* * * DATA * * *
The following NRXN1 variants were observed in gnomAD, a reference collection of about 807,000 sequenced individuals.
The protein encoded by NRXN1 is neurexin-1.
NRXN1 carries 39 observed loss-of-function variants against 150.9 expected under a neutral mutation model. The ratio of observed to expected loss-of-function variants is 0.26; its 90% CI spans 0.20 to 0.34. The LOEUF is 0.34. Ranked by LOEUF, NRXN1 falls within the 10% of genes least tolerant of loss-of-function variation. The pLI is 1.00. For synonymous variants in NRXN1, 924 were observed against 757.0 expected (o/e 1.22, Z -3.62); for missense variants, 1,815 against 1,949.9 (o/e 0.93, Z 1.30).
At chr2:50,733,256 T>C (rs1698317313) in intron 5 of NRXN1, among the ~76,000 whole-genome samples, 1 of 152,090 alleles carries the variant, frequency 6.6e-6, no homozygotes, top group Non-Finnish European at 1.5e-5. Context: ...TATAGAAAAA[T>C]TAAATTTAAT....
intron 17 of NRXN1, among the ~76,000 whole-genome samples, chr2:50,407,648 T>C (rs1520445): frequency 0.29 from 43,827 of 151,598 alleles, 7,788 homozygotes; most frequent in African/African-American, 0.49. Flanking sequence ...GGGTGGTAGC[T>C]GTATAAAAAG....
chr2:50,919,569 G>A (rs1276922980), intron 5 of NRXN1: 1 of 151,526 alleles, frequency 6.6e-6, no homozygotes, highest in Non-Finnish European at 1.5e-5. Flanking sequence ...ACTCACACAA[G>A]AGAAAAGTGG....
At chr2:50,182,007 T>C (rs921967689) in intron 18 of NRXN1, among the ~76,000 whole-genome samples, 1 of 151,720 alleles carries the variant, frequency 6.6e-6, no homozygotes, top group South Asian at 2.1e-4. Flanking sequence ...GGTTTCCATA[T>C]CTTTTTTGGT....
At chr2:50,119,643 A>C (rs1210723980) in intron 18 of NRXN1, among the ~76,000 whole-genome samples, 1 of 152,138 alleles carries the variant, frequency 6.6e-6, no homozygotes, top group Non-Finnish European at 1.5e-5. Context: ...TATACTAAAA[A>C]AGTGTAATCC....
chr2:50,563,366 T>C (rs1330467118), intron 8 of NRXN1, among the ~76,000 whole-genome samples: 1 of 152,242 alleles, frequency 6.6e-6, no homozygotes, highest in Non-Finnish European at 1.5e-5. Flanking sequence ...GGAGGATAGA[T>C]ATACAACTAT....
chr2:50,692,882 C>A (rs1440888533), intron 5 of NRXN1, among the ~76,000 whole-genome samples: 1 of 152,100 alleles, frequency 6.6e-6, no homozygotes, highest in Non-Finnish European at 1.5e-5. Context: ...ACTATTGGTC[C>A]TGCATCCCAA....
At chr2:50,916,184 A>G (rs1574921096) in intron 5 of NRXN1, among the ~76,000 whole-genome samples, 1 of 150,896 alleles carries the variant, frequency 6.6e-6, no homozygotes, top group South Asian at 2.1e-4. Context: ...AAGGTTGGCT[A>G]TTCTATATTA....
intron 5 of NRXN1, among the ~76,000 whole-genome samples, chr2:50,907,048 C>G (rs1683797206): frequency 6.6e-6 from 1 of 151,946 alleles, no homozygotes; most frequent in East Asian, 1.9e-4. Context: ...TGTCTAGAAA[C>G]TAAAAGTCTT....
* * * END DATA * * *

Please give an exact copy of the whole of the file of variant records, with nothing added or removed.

The following NRXN1 variants were observed in gnomAD, a reference collection of about 807,000 sequenced individuals.
The protein encoded by NRXN1 is neurexin-1.
NRXN1 carries 39 observed loss-of-function variants against 150.9 expected under a neutral mutation model. The ratio of observed to expected loss-of-function variants is 0.26; its 90% CI spans 0.20 to 0.34. The LOEUF is 0.34. Ranked by LOEUF, NRXN1 falls within the 10% of genes least tolerant of loss-of-function variation. The pLI is 1.00. For synonymous variants in NRXN1, 924 were observed against 757.0 expected (o/e 1.22, Z -3.62); for missense variants, 1,815 against 1,949.9 (o/e 0.93, Z 1.30).
At chr2:50,733,256 T>C (rs1698317313) in intron 5 of NRXN1, among the ~76,000 whole-genome samples, 1 of 152,090 alleles carries the variant, frequency 6.6e-6, no homozygotes, top group Non-Finnish European at 1.5e-5. Context: ...TATAGAAAAA[T>C]TAAATTTAAT....
intron 17 of NRXN1, among the ~76,000 whole-genome samples, chr2:50,407,648 T>C (rs1520445): frequency 0.29 from 43,827 of 151,598 alleles, 7,788 homozygotes; most frequent in African/African-American, 0.49. Flanking sequence ...GGGTGGTAGC[T>C]GTATAAAAAG....
chr2:50,919,569 G>A (rs1276922980), intron 5 of NRXN1: 1 of 151,526 alleles, frequency 6.6e-6, no homozygotes, highest in Non-Finnish European at 1.5e-5. Flanking sequence ...ACTCACACAA[G>A]AGAAAAGTGG....
At chr2:50,182,007 T>C (rs921967689) in intron 18 of NRXN1, among the ~76,000 whole-genome samples, 1 of 151,720 alleles carries the variant, frequency 6.6e-6, no homozygotes, top group South Asian at 2.1e-4. Flanking sequence ...GGTTTCCATA[T>C]CTTTTTTGGT....
At chr2:50,119,643 A>C (rs1210723980) in intron 18 of NRXN1, among the ~76,000 whole-genome samples, 1 of 152,138 alleles carries the variant, frequency 6.6e-6, no homozygotes, top group Non-Finnish European at 1.5e-5. Context: ...TATACTAAAA[A>C]AGTGTAATCC....
chr2:50,563,366 T>C (rs1330467118), intron 8 of NRXN1, among the ~76,000 whole-genome samples: 1 of 152,242 alleles, frequency 6.6e-6, no homozygotes, highest in Non-Finnish European at 1.5e-5. Flanking sequence ...GGAGGATAGA[T>C]ATACAACTAT....
chr2:50,692,882 C>A (rs1440888533), intron 5 of NRXN1, among the ~76,000 whole-genome samples: 1 of 152,100 alleles, frequency 6.6e-6, no homozygotes, highest in Non-Finnish European at 1.5e-5. Context: ...ACTATTGGTC[C>A]TGCATCCCAA....
At chr2:50,916,184 A>G (rs1574921096) in intron 5 of NRXN1, among the ~76,000 whole-genome samples, 1 of 150,896 alleles carries the variant, frequency 6.6e-6, no homozygotes, top group South Asian at 2.1e-4. Context: ...AAGGTTGGCT[A>G]TTCTATATTA....
intron 5 of NRXN1, among the ~76,000 whole-genome samples, chr2:50,907,048 C>G (rs1683797206): frequency 6.6e-6 from 1 of 151,946 alleles, no homozygotes; most frequent in East Asian, 1.9e-4. Context: ...TGTCTAGAAA[C>G]TAAAAGTCTT....